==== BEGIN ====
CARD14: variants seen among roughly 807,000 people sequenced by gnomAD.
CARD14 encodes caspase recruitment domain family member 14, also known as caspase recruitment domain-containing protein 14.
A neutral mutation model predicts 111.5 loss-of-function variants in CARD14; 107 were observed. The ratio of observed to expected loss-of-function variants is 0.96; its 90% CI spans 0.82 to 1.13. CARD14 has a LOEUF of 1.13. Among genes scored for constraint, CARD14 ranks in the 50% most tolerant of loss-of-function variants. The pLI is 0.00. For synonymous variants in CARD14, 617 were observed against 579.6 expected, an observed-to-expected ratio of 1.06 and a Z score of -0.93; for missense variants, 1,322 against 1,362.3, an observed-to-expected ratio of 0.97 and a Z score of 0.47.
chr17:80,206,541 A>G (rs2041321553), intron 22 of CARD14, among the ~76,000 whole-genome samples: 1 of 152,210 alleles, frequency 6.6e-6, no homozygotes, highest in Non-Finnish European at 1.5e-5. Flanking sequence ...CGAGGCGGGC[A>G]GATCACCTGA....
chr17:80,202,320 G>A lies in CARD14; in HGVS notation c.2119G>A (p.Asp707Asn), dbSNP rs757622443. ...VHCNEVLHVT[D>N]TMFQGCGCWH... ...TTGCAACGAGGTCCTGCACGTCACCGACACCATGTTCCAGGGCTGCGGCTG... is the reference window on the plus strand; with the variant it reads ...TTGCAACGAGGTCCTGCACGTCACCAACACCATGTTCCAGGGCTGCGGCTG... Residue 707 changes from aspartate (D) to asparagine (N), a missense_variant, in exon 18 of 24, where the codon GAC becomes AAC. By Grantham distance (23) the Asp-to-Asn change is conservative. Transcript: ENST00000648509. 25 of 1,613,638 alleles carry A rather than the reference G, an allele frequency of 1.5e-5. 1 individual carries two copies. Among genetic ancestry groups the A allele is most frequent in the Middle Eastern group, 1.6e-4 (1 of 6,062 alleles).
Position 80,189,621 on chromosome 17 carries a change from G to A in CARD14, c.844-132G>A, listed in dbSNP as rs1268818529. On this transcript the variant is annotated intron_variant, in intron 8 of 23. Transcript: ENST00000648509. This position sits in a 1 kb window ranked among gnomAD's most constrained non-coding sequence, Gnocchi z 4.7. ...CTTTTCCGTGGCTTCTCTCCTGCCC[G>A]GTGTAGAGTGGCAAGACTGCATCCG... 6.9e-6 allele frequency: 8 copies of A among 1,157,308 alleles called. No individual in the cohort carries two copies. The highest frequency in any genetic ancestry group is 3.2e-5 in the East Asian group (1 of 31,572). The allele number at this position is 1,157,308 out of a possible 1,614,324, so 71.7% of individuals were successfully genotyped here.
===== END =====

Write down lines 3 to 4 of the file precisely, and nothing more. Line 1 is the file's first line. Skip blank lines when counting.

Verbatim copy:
A neutral mutation model predicts 111.5 loss-of-function variants in CARD14; 107 were observed. The ratio of observed to expected loss-of-function variants is 0.96; its 90% CI spans 0.82 to 1.13. CARD14 has a LOEUF of 1.13. Among genes scored for constraint, CARD14 ranks in the 50% most tolerant of loss-of-function variants. The pLI is 0.00. For synonymous variants in CARD14, 617 were observed against 579.6 expected, an observed-to-expected ratio of 1.06 and a Z score of -0.93; for missense variants, 1,322 against 1,362.3, an observed-to-expected ratio of 0.97 and a Z score of 0.47.
chr17:80,206,541 A>G (rs2041321553), intron 22 of CARD14, among the ~76,000 whole-genome samples: 1 of 152,210 alleles, frequency 6.6e-6, no homozygotes, highest in Non-Finnish European at 1.5e-5. Flanking sequence ...CGAGGCGGGC[A>G]GATCACCTGA....